“Constant attack from malicious apps”: Facebook purge goes wrong

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An outage which affected Facebook apps and developer accounts this week was caused by over-zealous attempts to disable malicious apps, the social network has admitted. The outage, which locked app developers out of their accounts, was caused by an attempted “purge” of malicious apps.

Facebook’s  Eugene Zarakhovsky admitted in a blog post that the outage was due to an attempt to find and disable malicious apps, saying, “The Facebook Platform and our users are constantly under attack from malicious apps and we have many automated systems to protect the platform and our users. Occasionally we detect an attack that requires us to augment those automated systems. Specifically, we identify a malicious pattern, find all the apps that match that pattern, and then disable those apps.”

“ We started with a broad pattern that correctly matched many thousands of malicious apps but, unfortunately, also matched many of your high quality apps,” Zarakhovsky said. “When we detected this error, we immediately stopped the process and began work to restore access. The process took longer than expected because of the number of apps affected and bugs related to the restoration of app metadata.”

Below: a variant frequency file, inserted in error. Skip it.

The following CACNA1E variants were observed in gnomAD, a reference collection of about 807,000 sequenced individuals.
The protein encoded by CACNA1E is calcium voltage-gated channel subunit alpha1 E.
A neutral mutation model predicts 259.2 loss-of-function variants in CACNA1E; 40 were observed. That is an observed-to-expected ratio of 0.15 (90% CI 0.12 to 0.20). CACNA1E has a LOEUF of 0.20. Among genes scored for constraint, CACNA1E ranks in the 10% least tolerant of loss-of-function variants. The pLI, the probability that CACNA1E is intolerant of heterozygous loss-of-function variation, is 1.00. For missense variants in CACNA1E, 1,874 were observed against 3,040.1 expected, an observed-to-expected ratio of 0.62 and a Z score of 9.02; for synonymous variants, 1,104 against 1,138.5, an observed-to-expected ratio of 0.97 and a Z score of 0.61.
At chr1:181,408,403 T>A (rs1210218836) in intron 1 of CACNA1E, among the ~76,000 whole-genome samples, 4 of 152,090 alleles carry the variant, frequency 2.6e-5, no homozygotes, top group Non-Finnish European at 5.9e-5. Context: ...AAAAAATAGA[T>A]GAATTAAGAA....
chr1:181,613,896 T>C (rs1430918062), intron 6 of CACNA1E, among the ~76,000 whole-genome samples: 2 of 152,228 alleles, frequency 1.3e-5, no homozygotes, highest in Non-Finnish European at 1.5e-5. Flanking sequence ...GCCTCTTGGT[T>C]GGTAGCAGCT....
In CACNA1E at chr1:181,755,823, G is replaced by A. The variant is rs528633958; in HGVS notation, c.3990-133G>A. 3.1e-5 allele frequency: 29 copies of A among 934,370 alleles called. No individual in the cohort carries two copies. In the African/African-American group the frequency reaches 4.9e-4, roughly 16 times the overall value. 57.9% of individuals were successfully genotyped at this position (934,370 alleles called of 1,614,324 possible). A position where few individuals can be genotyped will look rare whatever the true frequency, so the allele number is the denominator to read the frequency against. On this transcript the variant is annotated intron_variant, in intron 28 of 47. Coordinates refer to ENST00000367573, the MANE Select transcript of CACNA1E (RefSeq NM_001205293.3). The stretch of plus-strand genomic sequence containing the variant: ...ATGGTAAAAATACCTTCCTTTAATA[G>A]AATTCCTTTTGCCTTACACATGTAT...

Developers had complained about the outage on the Hacker News forums.  Facebook employees joined the discussion to reassure developers – technology news siteAllthingsD points out in its report that Facebook has attempted to court third-party developers this year.

“We have systems that block spammy apps that are 99.9% of the time really incredibly sophisticated and get a ~0% false positive rate. This is a case of the 0.1%. :( Folks here are scrambling to undo this,” an employee wrote.

Zarakhovsky said, “We will create better tools to detect overly broad patterns and put in place better processes to verify that all apps matched are indeed malicious.”

One commenter on Hacker News said, “Now if only they would disable user accounts, the world would be a better place.”

Author Rob Waugh, We Live Security

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